Inherited retinal diseases (also called IRDs) are a group of inherited, progressive eye conditions that can cause severe vision loss and in certain cases can lead to blindness.

How common is Retinitis Pigmentosa?

RP is considered a rare disorder. It is generally estimated that the disorder affects nearly two million individuals worldwide, roughly 1 in 3,500 people.

The Retina

Retinitis Pigmentosa (RP) is a group of rare, genetic disorders that involve a breakdown and loss of cells in the retina, which is the light sensitive tissue that lines the back of the eye.


Mutations in rod
photoreceptor transcripts


Loss of rods


Degeneration of cones
outer segment


Loss of cones

Common symptoms include initial difficulty seeing at night followed by a progressive loss of side (peripheral) vision and eventually complete blindness.

⊕ Patients with severe Retinitis Pigmentosa (RP) progressively lose peripheral and color vision. See how patients see with severe RP by dragging to the right.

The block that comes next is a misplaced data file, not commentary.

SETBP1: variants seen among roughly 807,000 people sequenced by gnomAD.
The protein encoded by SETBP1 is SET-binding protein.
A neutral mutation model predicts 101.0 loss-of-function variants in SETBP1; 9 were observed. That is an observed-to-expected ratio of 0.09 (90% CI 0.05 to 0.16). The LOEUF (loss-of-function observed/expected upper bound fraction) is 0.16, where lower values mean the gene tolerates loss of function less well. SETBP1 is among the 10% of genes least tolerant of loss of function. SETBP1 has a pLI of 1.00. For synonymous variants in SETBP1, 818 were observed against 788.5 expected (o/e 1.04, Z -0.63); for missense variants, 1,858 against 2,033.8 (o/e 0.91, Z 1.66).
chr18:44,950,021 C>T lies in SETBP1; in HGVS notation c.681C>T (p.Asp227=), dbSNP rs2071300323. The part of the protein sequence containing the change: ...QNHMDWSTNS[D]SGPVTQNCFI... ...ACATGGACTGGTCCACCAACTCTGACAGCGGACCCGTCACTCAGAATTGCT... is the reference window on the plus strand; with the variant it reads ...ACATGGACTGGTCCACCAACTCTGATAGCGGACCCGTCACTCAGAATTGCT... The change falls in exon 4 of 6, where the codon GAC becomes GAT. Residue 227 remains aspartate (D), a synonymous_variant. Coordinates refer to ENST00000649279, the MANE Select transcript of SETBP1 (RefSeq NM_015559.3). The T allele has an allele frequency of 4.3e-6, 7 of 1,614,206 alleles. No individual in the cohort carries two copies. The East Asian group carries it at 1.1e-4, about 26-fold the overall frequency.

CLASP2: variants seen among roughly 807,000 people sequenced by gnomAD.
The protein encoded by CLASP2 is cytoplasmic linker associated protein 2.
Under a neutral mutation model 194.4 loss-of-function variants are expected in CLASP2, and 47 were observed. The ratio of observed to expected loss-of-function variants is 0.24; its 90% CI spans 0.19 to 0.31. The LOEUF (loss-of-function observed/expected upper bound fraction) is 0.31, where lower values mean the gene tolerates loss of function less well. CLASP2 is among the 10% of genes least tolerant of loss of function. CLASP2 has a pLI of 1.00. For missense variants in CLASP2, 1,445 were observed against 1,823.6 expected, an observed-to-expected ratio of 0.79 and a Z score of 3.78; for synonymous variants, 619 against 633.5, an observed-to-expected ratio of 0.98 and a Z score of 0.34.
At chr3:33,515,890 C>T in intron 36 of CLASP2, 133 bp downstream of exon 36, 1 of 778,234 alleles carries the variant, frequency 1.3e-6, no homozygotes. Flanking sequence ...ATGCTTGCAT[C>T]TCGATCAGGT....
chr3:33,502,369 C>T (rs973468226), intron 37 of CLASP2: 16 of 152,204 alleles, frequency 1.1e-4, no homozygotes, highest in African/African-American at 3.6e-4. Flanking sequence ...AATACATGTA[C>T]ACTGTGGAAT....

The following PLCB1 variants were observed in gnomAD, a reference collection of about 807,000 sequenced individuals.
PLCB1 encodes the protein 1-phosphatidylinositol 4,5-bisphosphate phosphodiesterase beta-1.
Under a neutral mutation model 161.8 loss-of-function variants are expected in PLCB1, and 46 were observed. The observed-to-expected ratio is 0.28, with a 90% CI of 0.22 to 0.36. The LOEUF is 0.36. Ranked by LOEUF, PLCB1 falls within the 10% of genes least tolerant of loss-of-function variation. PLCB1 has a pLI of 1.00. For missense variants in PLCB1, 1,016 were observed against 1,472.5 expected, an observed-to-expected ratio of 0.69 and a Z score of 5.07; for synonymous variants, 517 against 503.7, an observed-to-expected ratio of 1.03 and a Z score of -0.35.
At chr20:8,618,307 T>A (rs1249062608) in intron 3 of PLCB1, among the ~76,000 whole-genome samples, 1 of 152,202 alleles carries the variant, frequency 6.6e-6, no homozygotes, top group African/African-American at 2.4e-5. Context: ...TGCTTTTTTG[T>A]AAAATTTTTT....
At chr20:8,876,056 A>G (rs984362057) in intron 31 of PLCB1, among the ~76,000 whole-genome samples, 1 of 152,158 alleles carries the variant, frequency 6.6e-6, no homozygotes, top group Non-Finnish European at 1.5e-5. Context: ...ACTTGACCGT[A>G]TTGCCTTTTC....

What causes RP?

RP is an inherited disorder that results from harmful changes called “mutations” in any one of more than 80 genes (identified to date). These genes carry the instructions for making proteins that are needed for the normal function of the cells within the retina, called photoreceptors.

Some of the changes, or mutations, within these genes are so severe that the gene cannot make the required protein, limiting the cell’s function. Other mutations can cause the production of a protein that is toxic to the cell or lead to an abnormal protein that doesn’t function properly. In all three cases, the photoreceptors are damaged.

Scientific Discovery

Over the last 20 years, the scientific founders of SparingVision have, with the support of other world leaders in the space, identified the relation between the survival of rods and the protection of cones, the latter being essential to preserve vision in retinitis pigmentosa patients.